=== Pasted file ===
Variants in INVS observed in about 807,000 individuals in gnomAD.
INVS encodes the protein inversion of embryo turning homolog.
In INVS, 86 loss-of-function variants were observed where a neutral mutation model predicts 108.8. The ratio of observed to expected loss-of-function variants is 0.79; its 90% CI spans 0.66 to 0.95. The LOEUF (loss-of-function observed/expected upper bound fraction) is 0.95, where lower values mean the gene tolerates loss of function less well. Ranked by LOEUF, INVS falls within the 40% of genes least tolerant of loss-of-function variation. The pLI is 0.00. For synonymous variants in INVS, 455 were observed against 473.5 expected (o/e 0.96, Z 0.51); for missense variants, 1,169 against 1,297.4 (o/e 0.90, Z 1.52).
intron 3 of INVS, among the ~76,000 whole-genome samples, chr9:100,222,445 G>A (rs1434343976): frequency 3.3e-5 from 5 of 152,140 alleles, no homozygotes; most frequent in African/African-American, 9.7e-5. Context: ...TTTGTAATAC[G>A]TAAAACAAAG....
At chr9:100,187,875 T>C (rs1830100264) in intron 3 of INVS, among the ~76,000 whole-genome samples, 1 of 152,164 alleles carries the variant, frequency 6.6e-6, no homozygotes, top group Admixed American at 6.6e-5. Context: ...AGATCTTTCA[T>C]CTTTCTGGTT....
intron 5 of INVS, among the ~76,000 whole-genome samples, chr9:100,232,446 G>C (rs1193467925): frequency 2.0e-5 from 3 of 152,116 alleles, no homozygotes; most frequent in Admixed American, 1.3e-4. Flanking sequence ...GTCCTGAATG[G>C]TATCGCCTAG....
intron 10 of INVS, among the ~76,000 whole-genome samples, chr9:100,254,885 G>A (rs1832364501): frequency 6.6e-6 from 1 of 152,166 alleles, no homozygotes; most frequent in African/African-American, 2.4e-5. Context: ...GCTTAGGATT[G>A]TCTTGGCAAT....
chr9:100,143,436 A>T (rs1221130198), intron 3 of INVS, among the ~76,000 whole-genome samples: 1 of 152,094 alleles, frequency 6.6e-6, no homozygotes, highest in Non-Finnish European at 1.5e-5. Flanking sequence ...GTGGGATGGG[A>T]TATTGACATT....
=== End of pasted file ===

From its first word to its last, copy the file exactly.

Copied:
Variants in INVS observed in about 807,000 individuals in gnomAD.
INVS encodes the protein inversion of embryo turning homolog.
In INVS, 86 loss-of-function variants were observed where a neutral mutation model predicts 108.8. The ratio of observed to expected loss-of-function variants is 0.79; its 90% CI spans 0.66 to 0.95. The LOEUF (loss-of-function observed/expected upper bound fraction) is 0.95, where lower values mean the gene tolerates loss of function less well. Ranked by LOEUF, INVS falls within the 40% of genes least tolerant of loss-of-function variation. The pLI is 0.00. For synonymous variants in INVS, 455 were observed against 473.5 expected (o/e 0.96, Z 0.51); for missense variants, 1,169 against 1,297.4 (o/e 0.90, Z 1.52).
intron 3 of INVS, among the ~76,000 whole-genome samples, chr9:100,222,445 G>A (rs1434343976): frequency 3.3e-5 from 5 of 152,140 alleles, no homozygotes; most frequent in African/African-American, 9.7e-5. Context: ...TTTGTAATAC[G>A]TAAAACAAAG....
At chr9:100,187,875 T>C (rs1830100264) in intron 3 of INVS, among the ~76,000 whole-genome samples, 1 of 152,164 alleles carries the variant, frequency 6.6e-6, no homozygotes, top group Admixed American at 6.6e-5. Context: ...AGATCTTTCA[T>C]CTTTCTGGTT....
intron 5 of INVS, among the ~76,000 whole-genome samples, chr9:100,232,446 G>C (rs1193467925): frequency 2.0e-5 from 3 of 152,116 alleles, no homozygotes; most frequent in Admixed American, 1.3e-4. Flanking sequence ...GTCCTGAATG[G>C]TATCGCCTAG....
intron 10 of INVS, among the ~76,000 whole-genome samples, chr9:100,254,885 G>A (rs1832364501): frequency 6.6e-6 from 1 of 152,166 alleles, no homozygotes; most frequent in African/African-American, 2.4e-5. Context: ...GCTTAGGATT[G>A]TCTTGGCAAT....
chr9:100,143,436 A>T (rs1221130198), intron 3 of INVS, among the ~76,000 whole-genome samples: 1 of 152,094 alleles, frequency 6.6e-6, no homozygotes, highest in Non-Finnish European at 1.5e-5. Flanking sequence ...GTGGGATGGG[A>T]TATTGACATT....